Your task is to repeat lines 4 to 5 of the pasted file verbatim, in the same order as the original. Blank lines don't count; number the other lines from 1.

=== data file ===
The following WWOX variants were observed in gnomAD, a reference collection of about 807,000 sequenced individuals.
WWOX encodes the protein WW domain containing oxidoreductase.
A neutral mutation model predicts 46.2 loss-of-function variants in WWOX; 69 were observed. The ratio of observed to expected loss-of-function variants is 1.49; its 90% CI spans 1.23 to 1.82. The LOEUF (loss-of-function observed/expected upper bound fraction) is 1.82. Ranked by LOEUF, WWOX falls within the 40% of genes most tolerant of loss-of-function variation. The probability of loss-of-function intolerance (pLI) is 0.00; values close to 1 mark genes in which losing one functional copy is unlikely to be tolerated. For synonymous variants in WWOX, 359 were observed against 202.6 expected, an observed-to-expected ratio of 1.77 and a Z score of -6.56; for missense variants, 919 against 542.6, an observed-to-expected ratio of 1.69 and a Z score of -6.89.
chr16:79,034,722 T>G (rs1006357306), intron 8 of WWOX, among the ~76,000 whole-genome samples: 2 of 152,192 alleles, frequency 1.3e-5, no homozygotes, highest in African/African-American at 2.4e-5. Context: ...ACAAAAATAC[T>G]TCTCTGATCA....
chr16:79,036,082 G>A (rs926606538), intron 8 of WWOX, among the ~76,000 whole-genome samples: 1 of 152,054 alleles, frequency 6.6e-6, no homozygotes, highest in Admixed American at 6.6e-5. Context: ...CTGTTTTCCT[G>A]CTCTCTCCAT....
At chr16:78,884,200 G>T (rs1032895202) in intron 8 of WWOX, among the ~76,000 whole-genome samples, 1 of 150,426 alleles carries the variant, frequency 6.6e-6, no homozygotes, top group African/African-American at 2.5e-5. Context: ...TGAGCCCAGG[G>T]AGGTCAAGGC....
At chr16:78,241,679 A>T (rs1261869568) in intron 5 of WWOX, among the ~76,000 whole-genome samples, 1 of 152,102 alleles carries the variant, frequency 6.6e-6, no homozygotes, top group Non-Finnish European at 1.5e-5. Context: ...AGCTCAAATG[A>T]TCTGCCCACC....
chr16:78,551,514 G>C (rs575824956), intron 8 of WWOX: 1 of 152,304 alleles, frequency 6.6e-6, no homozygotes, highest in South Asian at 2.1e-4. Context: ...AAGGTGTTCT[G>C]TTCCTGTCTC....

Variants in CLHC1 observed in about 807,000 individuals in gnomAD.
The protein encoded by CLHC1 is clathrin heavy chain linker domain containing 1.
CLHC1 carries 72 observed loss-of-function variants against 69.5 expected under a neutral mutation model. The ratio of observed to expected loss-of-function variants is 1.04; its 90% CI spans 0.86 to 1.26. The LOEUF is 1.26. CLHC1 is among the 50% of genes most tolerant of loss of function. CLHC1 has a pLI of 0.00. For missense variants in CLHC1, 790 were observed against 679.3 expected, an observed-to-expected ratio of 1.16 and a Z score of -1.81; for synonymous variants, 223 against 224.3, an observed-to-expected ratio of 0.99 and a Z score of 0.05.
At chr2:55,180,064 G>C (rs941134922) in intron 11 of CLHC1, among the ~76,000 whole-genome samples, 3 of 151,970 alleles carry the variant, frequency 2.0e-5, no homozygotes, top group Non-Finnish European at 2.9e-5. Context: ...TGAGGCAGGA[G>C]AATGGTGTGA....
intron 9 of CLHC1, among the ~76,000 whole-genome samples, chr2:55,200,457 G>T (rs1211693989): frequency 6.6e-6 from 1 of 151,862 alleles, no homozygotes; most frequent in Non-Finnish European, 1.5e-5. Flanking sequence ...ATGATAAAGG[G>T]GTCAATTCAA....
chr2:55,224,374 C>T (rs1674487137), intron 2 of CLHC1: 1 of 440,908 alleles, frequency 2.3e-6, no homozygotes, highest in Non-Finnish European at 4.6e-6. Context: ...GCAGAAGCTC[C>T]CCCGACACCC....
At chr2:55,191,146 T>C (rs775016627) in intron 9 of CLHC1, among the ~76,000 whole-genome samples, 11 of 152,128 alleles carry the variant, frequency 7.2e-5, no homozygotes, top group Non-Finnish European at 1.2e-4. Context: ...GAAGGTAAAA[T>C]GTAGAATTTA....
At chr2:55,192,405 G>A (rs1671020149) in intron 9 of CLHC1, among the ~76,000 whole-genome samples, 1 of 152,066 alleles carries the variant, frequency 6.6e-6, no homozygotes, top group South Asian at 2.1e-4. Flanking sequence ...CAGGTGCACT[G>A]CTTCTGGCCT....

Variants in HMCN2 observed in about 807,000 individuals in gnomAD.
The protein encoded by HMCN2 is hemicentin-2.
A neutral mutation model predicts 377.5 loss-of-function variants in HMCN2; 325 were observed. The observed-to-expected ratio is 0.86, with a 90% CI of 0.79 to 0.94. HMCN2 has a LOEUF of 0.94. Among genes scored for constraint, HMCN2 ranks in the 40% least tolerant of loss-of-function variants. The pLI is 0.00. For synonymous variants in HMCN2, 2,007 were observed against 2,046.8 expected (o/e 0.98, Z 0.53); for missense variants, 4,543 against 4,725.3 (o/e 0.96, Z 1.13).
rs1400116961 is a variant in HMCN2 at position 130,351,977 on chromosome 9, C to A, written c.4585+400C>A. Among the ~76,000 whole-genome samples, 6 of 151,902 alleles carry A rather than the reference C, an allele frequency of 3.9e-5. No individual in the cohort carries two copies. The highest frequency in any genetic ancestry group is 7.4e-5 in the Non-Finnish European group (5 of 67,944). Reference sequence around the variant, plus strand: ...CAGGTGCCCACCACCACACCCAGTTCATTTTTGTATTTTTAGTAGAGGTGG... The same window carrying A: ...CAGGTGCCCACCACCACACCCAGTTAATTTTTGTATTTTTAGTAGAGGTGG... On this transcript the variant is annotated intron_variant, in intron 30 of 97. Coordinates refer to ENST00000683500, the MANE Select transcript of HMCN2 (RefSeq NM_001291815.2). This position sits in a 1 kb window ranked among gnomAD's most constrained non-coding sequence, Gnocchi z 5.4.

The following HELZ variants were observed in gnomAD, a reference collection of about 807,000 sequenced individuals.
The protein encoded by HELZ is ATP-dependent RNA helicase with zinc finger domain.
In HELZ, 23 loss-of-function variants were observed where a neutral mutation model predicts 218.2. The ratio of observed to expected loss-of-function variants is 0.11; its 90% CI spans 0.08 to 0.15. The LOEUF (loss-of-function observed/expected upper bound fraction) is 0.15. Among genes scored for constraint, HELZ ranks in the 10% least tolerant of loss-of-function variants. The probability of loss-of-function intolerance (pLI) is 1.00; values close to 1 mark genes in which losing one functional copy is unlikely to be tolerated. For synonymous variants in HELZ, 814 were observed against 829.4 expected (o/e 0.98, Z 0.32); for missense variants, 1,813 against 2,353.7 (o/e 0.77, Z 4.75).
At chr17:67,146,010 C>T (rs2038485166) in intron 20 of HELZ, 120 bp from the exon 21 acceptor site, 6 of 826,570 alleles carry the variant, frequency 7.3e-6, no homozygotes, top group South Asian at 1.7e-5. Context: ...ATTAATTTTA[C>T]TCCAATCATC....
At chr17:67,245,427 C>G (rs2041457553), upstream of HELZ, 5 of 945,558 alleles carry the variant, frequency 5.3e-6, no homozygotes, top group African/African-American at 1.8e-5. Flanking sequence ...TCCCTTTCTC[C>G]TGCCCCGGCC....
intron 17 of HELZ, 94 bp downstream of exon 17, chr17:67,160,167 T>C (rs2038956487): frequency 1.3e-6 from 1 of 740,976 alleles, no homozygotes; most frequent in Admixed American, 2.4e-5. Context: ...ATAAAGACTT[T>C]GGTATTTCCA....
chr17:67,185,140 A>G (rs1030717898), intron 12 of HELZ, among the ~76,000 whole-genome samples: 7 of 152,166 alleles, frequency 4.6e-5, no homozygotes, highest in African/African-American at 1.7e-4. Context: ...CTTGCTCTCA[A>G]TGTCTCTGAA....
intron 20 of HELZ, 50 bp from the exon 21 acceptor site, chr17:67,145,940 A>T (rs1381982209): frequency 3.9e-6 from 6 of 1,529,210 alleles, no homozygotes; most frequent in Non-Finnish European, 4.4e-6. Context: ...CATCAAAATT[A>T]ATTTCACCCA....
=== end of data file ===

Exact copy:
chr16:79,034,722 T>G (rs1006357306), intron 8 of WWOX, among the ~76,000 whole-genome samples: 2 of 152,192 alleles, frequency 1.3e-5, no homozygotes, highest in African/African-American at 2.4e-5. Context: ...ACAAAAATAC[T>G]TCTCTGATCA....
chr16:79,036,082 G>A (rs926606538), intron 8 of WWOX, among the ~76,000 whole-genome samples: 1 of 152,054 alleles, frequency 6.6e-6, no homozygotes, highest in Admixed American at 6.6e-5. Context: ...CTGTTTTCCT[G>A]CTCTCTCCAT....